In this article, Mr. Bush begins with a discussion of the Caleb Farley farm in Headquarters, but strays from the subject of his headline to also discuss a farm just west of Sergeantsville, once owned by the Larew family.

Originally, I had placed my annotations in the footnotes. But later on I discontinued that practice. Annotations are now part of the story.

Glen Eppelle Once Owned by Soldier of the Revolution

Caleb Farley Had Large Acreage in That Section
Poulson Built Fine House 

by Egbert T. Bush, Stockton, N.J.,
published in the Hunterdon Co. Democrat, January 14, 1932

I had long been quite sure that Caleb Farley, the Revolutionary soldier, owned and occupied what is now the beautiful “Glen Eppele” at Headquarters. Recent inquiry of a friend who was supposed to know, however, somewhat disturbed my assurance. He held strongly to the opinion that the Poulsons were the first of record at this place and had held it in that name until it was conveyed to Mattie H. Eppele, herself a Poulson. My own knowledge of the Poulson family did not confirm that opinion. And subject to investigation has shown that, although my friend had apparent reason for thinking as he did, the opinion was far from being correct.

By Caleb Farley’s will, dated August 23, 1808 and probated October 26, 1808, we find that he provided for his wife Ann Farley, bequeathed to his father Caleb Farley the income from a small trust fund for the term of his natural life, and made numerous other bequests, all going to collaterals with possibly one or two of no relationship. The executors named were Ann Farley, Jacob Fisher Jr., and Caleb Runk, who were empowered to sell and convey his real estate.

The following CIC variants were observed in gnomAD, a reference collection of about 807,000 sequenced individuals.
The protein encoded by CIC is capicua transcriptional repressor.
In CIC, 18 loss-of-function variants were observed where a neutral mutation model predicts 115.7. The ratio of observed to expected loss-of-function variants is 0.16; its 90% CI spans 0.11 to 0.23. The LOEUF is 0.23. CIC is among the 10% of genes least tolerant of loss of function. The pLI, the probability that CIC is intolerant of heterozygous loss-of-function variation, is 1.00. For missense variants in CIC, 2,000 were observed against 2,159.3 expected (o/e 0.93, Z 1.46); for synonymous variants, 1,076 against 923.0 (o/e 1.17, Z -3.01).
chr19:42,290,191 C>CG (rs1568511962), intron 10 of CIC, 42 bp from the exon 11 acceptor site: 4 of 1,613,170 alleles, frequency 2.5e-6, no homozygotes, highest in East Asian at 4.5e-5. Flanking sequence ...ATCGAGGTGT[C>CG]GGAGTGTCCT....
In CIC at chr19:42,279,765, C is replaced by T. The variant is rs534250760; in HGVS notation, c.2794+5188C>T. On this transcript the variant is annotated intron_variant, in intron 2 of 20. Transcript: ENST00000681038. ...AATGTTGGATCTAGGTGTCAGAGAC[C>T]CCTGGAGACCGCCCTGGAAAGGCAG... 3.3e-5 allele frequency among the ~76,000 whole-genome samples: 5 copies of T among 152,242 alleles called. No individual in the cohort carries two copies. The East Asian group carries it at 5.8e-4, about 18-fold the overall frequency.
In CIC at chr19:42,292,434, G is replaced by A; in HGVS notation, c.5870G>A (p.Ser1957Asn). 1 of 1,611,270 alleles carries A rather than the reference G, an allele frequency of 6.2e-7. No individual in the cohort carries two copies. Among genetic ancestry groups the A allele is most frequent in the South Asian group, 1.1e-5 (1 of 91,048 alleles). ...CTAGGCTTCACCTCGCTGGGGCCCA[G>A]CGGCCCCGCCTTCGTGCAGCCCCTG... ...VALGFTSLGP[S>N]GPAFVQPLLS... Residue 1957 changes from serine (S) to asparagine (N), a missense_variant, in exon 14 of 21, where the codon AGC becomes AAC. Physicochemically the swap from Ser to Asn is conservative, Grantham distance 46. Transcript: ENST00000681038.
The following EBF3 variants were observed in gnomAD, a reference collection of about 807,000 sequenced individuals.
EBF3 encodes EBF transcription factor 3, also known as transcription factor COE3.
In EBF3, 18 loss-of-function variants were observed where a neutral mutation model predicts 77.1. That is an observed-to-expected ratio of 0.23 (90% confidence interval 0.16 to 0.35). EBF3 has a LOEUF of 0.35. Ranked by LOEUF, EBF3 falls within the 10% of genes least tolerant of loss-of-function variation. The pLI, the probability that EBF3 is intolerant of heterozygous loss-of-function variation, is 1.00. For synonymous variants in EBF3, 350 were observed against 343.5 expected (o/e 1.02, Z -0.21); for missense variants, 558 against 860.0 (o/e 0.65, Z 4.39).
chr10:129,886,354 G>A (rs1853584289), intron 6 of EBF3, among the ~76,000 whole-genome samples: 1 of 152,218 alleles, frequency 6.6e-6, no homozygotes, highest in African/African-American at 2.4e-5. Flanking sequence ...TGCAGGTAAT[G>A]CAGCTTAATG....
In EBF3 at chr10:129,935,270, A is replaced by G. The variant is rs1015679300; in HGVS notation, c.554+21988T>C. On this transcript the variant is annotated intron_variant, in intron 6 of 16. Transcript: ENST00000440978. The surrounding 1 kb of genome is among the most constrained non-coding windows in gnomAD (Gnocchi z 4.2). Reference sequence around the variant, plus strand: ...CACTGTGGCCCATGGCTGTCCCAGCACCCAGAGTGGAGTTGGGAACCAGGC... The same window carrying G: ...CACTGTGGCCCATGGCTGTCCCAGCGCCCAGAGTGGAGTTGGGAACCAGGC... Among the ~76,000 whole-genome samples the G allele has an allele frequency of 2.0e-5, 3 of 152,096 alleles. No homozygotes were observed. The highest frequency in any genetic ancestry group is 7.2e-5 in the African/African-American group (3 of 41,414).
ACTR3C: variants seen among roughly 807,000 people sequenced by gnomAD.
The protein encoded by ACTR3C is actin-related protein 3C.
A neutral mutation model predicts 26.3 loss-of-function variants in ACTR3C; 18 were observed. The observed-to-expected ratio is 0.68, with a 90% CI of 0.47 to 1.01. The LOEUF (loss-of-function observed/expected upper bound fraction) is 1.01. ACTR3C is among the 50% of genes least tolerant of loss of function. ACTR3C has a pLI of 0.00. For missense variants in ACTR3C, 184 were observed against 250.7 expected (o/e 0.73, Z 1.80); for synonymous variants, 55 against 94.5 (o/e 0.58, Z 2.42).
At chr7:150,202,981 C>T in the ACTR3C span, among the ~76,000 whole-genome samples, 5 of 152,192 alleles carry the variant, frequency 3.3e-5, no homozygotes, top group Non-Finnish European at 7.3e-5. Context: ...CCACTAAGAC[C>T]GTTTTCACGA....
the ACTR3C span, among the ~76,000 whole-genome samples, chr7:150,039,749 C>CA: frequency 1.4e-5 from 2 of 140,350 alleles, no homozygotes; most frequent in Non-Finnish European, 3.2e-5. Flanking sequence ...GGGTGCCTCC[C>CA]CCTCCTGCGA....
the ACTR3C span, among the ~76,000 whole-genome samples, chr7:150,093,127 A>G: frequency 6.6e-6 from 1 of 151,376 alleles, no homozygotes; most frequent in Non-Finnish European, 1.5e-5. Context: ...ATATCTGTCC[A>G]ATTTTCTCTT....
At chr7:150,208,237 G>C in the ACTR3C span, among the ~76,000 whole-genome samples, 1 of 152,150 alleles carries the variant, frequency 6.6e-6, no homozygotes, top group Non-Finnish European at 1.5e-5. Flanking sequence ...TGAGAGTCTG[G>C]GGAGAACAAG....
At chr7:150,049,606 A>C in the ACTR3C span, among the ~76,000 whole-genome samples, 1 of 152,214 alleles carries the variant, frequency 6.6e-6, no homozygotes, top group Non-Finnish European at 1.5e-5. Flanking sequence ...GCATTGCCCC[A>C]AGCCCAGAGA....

Ann Farley, the widow, renounced the right to participate in the execution of the will, probably because she wanted to buy the farm for herself. Anyhow, in pursuance of the provisions of the will, the property was sold April 1, 1809, Ann Farley being the purchaser. It then contained 108 acres, 2 roods and 9 perches, including the tract later sold to Mrs. Eppele. May 14, 1814, Ann Farley conveyed the same property to Israel Poulson, the old-time preacher, for $6,513.37. That looks like a big price for such a property at that early day. But the good old preacher knew the value of land and had an eye to business. The farm lay in the rich and flourishing hamlet of Headquarters, which had been humming for half a century.

The price comes to about $60 an acre, which is indeed a very good price for the time. $40 an acre was more usual. Farley’s wife Ann or Anna was the daughter of Jacob Fisher and Sarah Hoppock. Jacob Fisher Jr. was her brother. Ann was 56 years old when she sold the farm. She lived to the age of at least 81, but where she was living after selling the farm I cannot say. She had no children to move in with.

By the way, I have eight Caleb Farleys in my database—a very popular name in this family. The Caleb that Bush is writing about was born on June 28, 1757 to Caleb Farley Sr. and Catharine Gray.

Rev. Israel Poulson was pastor of the German Baptist Church known as the Dunkards. He owned another farm on Sand Brook-Headquarters Road, from which he donated a small lot for a church building in 1811. Once he moved to the Caleb Farley farm, he remained there for the rest of his long life.

Long Owned by Poulsons

Israel Poulson held the farm until January 1, 1845, and then conveyed it to his son Daniel. By deed dated March 9, 1899, Charles Poulson, executor of Daniel Poulson, conveyed the same to George O. Poulson. December 23, 1908, George O. Poulson and wife conveyed the property to Mattie H. Eppele, the area of the principal tract then being 59 acres, 2 roods and 9 perches. With this was conveyed a lot containing less than one acre.